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Approved research

Risk factors in migraine: The link to comorbidities, cognition, gender, genetics, exogenous factors and changes in MRI

Principal Investigator: Dr Jessica Mwinyi
Approved Research ID: 57519
Approval date: June 24th 2020

Lay summary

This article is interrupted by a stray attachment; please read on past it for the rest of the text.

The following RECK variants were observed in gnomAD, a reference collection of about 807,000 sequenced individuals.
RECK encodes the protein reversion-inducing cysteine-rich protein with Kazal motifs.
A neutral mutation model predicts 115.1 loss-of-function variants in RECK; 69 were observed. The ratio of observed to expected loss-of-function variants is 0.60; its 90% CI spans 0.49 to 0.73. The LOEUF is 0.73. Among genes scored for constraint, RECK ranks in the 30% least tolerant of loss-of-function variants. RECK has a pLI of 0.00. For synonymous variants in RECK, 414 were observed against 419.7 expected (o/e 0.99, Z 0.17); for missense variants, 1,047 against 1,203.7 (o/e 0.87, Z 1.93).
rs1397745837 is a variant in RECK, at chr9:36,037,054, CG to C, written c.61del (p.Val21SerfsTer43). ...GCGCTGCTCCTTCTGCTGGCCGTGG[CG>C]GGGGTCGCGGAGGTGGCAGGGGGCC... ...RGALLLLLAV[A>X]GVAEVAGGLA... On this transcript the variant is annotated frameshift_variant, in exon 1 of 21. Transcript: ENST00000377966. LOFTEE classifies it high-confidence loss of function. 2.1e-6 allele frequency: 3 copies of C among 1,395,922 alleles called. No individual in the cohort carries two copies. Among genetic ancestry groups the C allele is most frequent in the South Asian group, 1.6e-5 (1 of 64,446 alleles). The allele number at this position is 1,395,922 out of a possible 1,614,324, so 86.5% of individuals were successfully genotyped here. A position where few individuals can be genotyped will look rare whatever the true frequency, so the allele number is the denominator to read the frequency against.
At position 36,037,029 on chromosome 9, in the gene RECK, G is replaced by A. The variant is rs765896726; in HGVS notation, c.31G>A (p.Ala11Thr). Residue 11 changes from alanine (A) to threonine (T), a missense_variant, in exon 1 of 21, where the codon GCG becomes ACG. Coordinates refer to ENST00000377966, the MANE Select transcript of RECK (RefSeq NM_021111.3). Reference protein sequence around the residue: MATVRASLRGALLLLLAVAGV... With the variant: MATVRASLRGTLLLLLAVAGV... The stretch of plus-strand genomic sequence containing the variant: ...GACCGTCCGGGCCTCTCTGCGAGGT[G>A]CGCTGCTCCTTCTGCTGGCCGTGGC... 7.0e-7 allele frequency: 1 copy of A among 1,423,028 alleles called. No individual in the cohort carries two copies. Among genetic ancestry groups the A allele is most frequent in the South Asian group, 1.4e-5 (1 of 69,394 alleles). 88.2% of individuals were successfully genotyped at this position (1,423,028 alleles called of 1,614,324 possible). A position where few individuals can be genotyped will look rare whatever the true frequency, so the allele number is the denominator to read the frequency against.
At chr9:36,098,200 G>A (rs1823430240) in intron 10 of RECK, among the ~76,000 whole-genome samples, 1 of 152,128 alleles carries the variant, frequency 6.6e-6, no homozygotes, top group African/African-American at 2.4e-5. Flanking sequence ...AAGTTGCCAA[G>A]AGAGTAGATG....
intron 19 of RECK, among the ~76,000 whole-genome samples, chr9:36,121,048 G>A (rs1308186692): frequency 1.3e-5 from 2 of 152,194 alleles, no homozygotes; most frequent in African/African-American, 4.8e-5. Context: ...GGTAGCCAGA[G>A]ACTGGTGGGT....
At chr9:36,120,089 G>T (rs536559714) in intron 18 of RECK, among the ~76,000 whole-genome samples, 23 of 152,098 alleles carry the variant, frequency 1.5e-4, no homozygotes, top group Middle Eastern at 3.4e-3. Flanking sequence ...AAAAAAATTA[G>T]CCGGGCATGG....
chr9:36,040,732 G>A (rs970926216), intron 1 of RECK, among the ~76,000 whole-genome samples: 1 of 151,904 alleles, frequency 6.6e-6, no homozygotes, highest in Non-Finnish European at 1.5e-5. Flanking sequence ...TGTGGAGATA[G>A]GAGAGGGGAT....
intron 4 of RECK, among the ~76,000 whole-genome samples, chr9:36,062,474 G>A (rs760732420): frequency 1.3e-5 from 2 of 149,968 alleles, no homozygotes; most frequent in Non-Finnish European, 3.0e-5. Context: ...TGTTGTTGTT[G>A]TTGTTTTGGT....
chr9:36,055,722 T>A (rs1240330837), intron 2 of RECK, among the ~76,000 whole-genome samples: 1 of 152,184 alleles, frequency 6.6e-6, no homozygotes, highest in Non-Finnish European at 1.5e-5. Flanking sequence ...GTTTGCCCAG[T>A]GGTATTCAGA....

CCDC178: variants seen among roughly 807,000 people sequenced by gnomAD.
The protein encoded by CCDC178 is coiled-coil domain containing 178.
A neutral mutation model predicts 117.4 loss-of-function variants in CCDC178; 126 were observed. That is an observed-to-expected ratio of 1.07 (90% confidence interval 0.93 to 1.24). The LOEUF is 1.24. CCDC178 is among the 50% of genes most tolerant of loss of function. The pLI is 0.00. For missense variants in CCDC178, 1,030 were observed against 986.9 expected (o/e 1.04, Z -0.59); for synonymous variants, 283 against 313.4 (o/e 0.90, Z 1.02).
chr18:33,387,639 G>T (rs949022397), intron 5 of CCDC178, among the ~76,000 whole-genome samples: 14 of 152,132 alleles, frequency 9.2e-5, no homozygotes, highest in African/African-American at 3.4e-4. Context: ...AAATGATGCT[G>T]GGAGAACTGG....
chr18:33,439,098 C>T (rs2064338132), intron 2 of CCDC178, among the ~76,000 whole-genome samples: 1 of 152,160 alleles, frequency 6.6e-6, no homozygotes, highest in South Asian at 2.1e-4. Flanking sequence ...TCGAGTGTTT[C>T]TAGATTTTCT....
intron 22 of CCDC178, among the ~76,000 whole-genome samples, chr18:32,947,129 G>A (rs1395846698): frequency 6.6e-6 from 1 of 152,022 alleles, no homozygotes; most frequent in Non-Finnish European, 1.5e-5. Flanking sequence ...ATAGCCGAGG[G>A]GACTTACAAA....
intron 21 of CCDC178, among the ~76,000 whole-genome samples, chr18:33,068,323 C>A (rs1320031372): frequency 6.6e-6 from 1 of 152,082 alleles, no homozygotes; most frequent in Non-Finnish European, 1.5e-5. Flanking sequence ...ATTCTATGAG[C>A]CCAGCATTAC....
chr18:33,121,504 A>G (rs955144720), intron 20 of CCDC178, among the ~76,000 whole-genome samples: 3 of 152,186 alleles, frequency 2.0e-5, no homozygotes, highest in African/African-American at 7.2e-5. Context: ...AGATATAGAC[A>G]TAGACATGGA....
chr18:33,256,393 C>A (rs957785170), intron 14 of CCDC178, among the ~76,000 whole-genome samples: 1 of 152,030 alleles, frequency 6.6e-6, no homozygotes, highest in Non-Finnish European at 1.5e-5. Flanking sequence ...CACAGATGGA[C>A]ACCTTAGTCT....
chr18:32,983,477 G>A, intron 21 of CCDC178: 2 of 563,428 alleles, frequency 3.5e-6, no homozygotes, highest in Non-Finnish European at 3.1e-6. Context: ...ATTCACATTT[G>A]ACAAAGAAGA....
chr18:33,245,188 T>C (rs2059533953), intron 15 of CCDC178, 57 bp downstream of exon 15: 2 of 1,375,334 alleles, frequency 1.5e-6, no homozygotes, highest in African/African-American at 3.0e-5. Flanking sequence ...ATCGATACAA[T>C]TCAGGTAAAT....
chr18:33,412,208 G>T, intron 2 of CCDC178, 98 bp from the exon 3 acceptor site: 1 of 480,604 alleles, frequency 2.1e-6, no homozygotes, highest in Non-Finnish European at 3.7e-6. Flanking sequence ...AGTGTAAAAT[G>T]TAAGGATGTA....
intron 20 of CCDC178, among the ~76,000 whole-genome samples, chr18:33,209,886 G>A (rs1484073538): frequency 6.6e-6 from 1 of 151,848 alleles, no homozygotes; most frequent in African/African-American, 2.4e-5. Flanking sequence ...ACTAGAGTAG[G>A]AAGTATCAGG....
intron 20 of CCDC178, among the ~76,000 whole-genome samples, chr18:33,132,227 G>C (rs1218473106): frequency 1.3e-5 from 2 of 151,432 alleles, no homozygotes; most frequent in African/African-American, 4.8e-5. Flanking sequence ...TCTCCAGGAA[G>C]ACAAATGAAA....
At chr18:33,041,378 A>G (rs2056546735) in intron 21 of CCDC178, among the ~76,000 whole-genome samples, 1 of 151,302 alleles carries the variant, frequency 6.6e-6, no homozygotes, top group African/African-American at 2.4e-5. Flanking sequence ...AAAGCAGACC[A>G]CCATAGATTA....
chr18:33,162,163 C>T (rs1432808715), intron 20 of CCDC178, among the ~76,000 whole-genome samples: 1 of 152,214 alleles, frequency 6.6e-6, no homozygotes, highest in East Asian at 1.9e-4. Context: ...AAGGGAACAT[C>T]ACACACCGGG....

In this project, we aim to investigate risk factors and comorbidities associated with migraine. Migraine is one of the most prevalent neurological conditions in the world and can cause significant disability. While both genetics and environmental factors play a role in migraine pathogenesis, much remains to be explored regarding the underlying disease mechanisms. We therefore wish to examine the effects of genetic variation, gender, cognition, lifestyle factors and disease comorbidity on migraine risk and phenotype. We are especially interested in investigating the high level of comorbidity between migraine and different neuropsychiatric and gastrointestinal illnesses. While many of these associations are well-established in the literature, the direction of the relationship is not always clear. We wish to ascertain whether these disease comorbidities may contribute to the development of migraine or vice versa. These investigations will take important confounders such as gender-specific variables, environmental and lifestyle factors and medical treatment into consideration. An additional aim of this project is to improve our understanding of how different migraine phenotypes and pharmacological treatment methods are reflected in changes in brain function and structure, using magnetic resonance imaging data. In addition, we would like to explore the extent to which genetic susceptibility factors may explain these changes. This would shed more light on the functional impact of these genetic susceptibility factors. When data from the recently introduced pain questionnaire become available, we would like to integrate these data into our analyses. This would provide greater insight into how the above-mentioned risk factors may be associated with migraine subtype and severity. In line with the aims of UK Biobank, we hope that the results from this project can be of use when developing strategies for prevention and treatment of migraine. The project is estimated to run for three years.